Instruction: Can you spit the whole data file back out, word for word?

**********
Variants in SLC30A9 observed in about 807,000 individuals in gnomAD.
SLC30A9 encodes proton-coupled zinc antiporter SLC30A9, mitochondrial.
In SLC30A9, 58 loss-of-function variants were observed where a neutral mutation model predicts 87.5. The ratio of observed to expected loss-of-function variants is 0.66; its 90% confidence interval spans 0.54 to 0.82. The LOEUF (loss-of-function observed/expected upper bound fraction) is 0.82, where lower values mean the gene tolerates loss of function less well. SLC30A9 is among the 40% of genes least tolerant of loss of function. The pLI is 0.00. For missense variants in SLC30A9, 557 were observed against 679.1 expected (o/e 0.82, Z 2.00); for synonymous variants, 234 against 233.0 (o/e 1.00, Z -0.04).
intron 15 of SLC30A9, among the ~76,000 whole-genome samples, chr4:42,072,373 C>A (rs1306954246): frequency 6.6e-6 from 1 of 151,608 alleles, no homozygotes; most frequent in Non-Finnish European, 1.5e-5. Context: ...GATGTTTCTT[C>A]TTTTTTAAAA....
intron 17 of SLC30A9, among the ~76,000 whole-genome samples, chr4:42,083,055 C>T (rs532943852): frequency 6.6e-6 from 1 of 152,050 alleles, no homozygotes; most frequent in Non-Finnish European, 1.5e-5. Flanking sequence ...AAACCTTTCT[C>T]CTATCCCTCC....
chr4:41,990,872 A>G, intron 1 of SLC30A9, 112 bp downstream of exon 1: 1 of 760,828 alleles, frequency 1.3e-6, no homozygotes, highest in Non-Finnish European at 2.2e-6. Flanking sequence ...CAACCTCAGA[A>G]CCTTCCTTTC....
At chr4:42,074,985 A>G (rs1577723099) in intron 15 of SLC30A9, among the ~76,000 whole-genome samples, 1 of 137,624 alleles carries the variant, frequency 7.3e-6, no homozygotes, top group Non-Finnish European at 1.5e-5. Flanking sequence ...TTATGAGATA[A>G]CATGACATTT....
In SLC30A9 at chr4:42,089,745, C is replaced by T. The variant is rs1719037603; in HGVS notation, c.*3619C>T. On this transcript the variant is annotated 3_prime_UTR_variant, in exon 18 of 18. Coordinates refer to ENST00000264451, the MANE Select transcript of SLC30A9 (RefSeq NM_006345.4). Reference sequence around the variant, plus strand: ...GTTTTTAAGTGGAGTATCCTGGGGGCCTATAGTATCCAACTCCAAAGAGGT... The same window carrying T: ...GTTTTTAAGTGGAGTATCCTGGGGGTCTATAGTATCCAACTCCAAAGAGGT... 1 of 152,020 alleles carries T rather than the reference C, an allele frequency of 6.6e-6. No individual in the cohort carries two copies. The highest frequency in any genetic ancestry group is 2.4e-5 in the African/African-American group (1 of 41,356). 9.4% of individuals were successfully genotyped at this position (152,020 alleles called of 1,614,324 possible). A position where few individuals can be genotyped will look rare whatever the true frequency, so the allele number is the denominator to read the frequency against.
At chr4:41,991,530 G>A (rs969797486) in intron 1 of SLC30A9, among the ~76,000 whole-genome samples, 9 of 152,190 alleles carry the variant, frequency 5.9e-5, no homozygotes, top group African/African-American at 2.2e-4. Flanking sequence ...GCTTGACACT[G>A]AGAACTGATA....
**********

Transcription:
Variants in SLC30A9 observed in about 807,000 individuals in gnomAD.
SLC30A9 encodes proton-coupled zinc antiporter SLC30A9, mitochondrial.
In SLC30A9, 58 loss-of-function variants were observed where a neutral mutation model predicts 87.5. The ratio of observed to expected loss-of-function variants is 0.66; its 90% confidence interval spans 0.54 to 0.82. The LOEUF (loss-of-function observed/expected upper bound fraction) is 0.82, where lower values mean the gene tolerates loss of function less well. SLC30A9 is among the 40% of genes least tolerant of loss of function. The pLI is 0.00. For missense variants in SLC30A9, 557 were observed against 679.1 expected (o/e 0.82, Z 2.00); for synonymous variants, 234 against 233.0 (o/e 1.00, Z -0.04).
intron 15 of SLC30A9, among the ~76,000 whole-genome samples, chr4:42,072,373 C>A (rs1306954246): frequency 6.6e-6 from 1 of 151,608 alleles, no homozygotes; most frequent in Non-Finnish European, 1.5e-5. Context: ...GATGTTTCTT[C>A]TTTTTTAAAA....
intron 17 of SLC30A9, among the ~76,000 whole-genome samples, chr4:42,083,055 C>T (rs532943852): frequency 6.6e-6 from 1 of 152,050 alleles, no homozygotes; most frequent in Non-Finnish European, 1.5e-5. Flanking sequence ...AAACCTTTCT[C>T]CTATCCCTCC....
chr4:41,990,872 A>G, intron 1 of SLC30A9, 112 bp downstream of exon 1: 1 of 760,828 alleles, frequency 1.3e-6, no homozygotes, highest in Non-Finnish European at 2.2e-6. Flanking sequence ...CAACCTCAGA[A>G]CCTTCCTTTC....
At chr4:42,074,985 A>G (rs1577723099) in intron 15 of SLC30A9, among the ~76,000 whole-genome samples, 1 of 137,624 alleles carries the variant, frequency 7.3e-6, no homozygotes, top group Non-Finnish European at 1.5e-5. Flanking sequence ...TTATGAGATA[A>G]CATGACATTT....
In SLC30A9 at chr4:42,089,745, C is replaced by T. The variant is rs1719037603; in HGVS notation, c.*3619C>T. On this transcript the variant is annotated 3_prime_UTR_variant, in exon 18 of 18. Coordinates refer to ENST00000264451, the MANE Select transcript of SLC30A9 (RefSeq NM_006345.4). Reference sequence around the variant, plus strand: ...GTTTTTAAGTGGAGTATCCTGGGGGCCTATAGTATCCAACTCCAAAGAGGT... The same window carrying T: ...GTTTTTAAGTGGAGTATCCTGGGGGTCTATAGTATCCAACTCCAAAGAGGT... 1 of 152,020 alleles carries T rather than the reference C, an allele frequency of 6.6e-6. No individual in the cohort carries two copies. The highest frequency in any genetic ancestry group is 2.4e-5 in the African/African-American group (1 of 41,356). 9.4% of individuals were successfully genotyped at this position (152,020 alleles called of 1,614,324 possible). A position where few individuals can be genotyped will look rare whatever the true frequency, so the allele number is the denominator to read the frequency against.
At chr4:41,991,530 G>A (rs969797486) in intron 1 of SLC30A9, among the ~76,000 whole-genome samples, 9 of 152,190 alleles carry the variant, frequency 5.9e-5, no homozygotes, top group African/African-American at 2.2e-4. Flanking sequence ...GCTTGACACT[G>A]AGAACTGATA....